Wanted: Speech Writer (And A History Lesson) For Mira Rajput

Posted by atiya anis in Society
March 22, 2017

The recent controversy  around Mrs. Shahid Kapoor’s statements at a Women’s Day event doesn’t seem to be dying down. I feel it did less harm and more good to the couple, giving Mira Rajput much-needed public attention.

She has  suddenly has become the topic of dining room discussions and topics of many blogs and news stories, finally getting an identity of her own, although for the wrong reasons.

But Mira, I would not blame you entirely. A lot of the responsibility rests on the Event and Entertainment Management Association (EEMA) that planned that event. I completely fail to see the rational behind this choice of speaker.

I mean what did you think Mira would talk about on International Women’s Day. What achievements does she have as a woman? Are we celebrating women who get married at 21 or the art of being parcelled from one rich household to another?

From what she said, I could barely decipher a credible academic, professional or otherwise individual achievement to boast of.

If you nominate your household help to talk about India’s mission to mars in an international gathering, would the fault lie with your wrong choice or the inability of speaker to talk sense?

Although being rich and ignorant can’t be a valid excuse, I would not say I was highly disappointed by her statement. I mean what can you expect from a 21-year-old girl born in to an affluent family and arranged into marriage to a Bollywood dreamland?

But then again, at least one can be expected to have the common sense to research a bit, especially when you are invited to speak on a public platform, or hire a speech writer – something that Mira could obviously afford.

I can’t stop admiring Mira’s confidence in being so frivolously ignorant of the realities of women in India and to display that in public.

There is a whole lot of difference in people who are born with confidence and those who earn it with time and through tough experiences. Mira might find feminists as ‘feminazis’. I would like to know where she has encountered these feminazis who were responsible for the rampant, illogical killing of men.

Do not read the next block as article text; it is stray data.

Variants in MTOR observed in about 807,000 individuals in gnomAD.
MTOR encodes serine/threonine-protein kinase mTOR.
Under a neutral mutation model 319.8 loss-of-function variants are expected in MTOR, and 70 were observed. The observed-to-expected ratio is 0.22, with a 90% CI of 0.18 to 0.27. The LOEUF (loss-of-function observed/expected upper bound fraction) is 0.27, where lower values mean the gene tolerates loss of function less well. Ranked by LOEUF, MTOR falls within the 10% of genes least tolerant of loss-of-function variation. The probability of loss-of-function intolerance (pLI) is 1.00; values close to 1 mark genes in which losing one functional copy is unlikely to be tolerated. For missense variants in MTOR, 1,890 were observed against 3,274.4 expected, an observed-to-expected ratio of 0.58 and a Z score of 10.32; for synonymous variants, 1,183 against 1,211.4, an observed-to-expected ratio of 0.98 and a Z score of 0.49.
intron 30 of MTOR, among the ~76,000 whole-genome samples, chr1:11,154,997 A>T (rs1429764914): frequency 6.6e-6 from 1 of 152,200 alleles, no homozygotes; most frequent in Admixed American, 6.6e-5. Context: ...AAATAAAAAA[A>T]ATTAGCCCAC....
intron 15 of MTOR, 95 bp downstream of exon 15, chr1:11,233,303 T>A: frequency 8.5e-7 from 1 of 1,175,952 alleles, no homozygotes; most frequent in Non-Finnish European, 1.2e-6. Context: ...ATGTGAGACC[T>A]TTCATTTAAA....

It is the hard work and incessant struggle of these so-called ‘feminazis’ that enables you to speak on a public platform, to have your opinion and exercise your choices. As the mother of daughter, you should be grateful to these feminazis who have given you the confidence to celebrate a girl child, and opened up the access to equal opportunities, with no discrimination, for your daughter.

Show some gratitude for the confidence you have inherited in being a women, because this was a luxury to most many years back.

I am really glad that you are a proud homemaker and have found someone who understands you in every other way including financially. But not everyone has that chance to be supported to lead a lavish life.

Being a homemaker has long been the world’s most thankless job, with no appreciation or recognition. A girl in our society struggles from the time of her birth. She is fed with lessons on how to accommodate, adjust and bow down to male dominance.

Only the face of subjugation keeps changing, from father, to brother, to boyfriend, husband, in-laws. Women all around the globe are working hard, some to make ends meet, some to support their spouses, some for creating their identity and some for self respect.

In a country with 1.3 billion (census 2011), comprising 48.5% females, we have lower levels of women’s workforce participation than many countries in Sub-Saharan Africa and the Middle East. According to a 2013 World Bank study, only 27% of the female population aged over 15 is working in India, out of which nearly 70% would be employed in agricultural labours.

Do you really think these women work for fun?  We seldom realize the toil of the common people to make ends meet, but it is not rocket science to look around and see the disparities in access to opportunities and resources among Indians.

Life is not a bed of roses for all women who go out to work.

After all it’s your choice. I know a lot of upper class, rich women, most of them might be in your actress sisterhood, who are busy socializing and leave their children with domestic help. Why are they not part of your puppy love theory?

I am happy for your convenient arranged marriage in a happy-go-lucky situation, but don’t you see that to some extent your happiness lies in your ‘out of choice’ submission and lack of aspirations?

Granted that that is none of my concern, but if you don’t expect to be judged for marrying at 21, and having a baby at 22 or not having a career, other women also expect respect for their choices.

If your dependence on your husband’s money doesn’t belittle you, then how can I be judged for working hard?

I am glad women are taking risks and moving out of comfort zones challenging male domination.

I have heard, Mira, that you have excellent command over the English language. If that is true, I am sure you must be familiar with the word ‘solidarity’.

I’m not sure if celebrations and speeches at International Women’s Day will uplift and inspire women but yes, solidarity and respecting others’ choices will. We do not need celebrity endorsements for women’s rights, but showing compassion and solidarity is the least you can do.